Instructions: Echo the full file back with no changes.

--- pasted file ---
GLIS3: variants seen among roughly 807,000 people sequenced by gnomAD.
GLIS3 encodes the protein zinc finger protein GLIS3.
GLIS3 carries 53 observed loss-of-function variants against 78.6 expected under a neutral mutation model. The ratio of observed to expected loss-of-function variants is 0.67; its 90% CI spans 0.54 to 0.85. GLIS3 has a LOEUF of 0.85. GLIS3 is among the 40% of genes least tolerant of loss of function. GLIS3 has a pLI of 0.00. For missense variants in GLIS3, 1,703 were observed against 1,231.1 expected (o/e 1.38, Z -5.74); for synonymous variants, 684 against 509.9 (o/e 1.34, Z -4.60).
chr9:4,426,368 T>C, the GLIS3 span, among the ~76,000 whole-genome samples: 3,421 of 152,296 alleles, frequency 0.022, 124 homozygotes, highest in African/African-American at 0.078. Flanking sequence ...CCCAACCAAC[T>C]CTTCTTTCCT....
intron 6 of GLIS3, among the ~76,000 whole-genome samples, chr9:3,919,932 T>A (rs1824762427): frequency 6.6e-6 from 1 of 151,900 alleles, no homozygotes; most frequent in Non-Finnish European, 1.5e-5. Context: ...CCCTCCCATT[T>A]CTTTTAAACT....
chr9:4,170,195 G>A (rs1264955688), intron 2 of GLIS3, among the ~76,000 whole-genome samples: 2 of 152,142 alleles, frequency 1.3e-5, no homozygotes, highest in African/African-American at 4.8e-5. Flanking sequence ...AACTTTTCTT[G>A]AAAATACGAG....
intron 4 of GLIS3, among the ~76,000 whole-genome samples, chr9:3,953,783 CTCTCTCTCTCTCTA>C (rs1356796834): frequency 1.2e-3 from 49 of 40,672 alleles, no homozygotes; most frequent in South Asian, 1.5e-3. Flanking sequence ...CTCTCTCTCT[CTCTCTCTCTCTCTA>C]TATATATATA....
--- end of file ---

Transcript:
GLIS3: variants seen among roughly 807,000 people sequenced by gnomAD.
GLIS3 encodes the protein zinc finger protein GLIS3.
GLIS3 carries 53 observed loss-of-function variants against 78.6 expected under a neutral mutation model. The ratio of observed to expected loss-of-function variants is 0.67; its 90% CI spans 0.54 to 0.85. GLIS3 has a LOEUF of 0.85. GLIS3 is among the 40% of genes least tolerant of loss of function. GLIS3 has a pLI of 0.00. For missense variants in GLIS3, 1,703 were observed against 1,231.1 expected (o/e 1.38, Z -5.74); for synonymous variants, 684 against 509.9 (o/e 1.34, Z -4.60).
chr9:4,426,368 T>C, the GLIS3 span, among the ~76,000 whole-genome samples: 3,421 of 152,296 alleles, frequency 0.022, 124 homozygotes, highest in African/African-American at 0.078. Flanking sequence ...CCCAACCAAC[T>C]CTTCTTTCCT....
intron 6 of GLIS3, among the ~76,000 whole-genome samples, chr9:3,919,932 T>A (rs1824762427): frequency 6.6e-6 from 1 of 151,900 alleles, no homozygotes; most frequent in Non-Finnish European, 1.5e-5. Context: ...CCCTCCCATT[T>A]CTTTTAAACT....
chr9:4,170,195 G>A (rs1264955688), intron 2 of GLIS3, among the ~76,000 whole-genome samples: 2 of 152,142 alleles, frequency 1.3e-5, no homozygotes, highest in African/African-American at 4.8e-5. Flanking sequence ...AACTTTTCTT[G>A]AAAATACGAG....
intron 4 of GLIS3, among the ~76,000 whole-genome samples, chr9:3,953,783 CTCTCTCTCTCTCTA>C (rs1356796834): frequency 1.2e-3 from 49 of 40,672 alleles, no homozygotes; most frequent in South Asian, 1.5e-3. Flanking sequence ...CTCTCTCTCT[CTCTCTCTCTCTCTA>C]TATATATATA....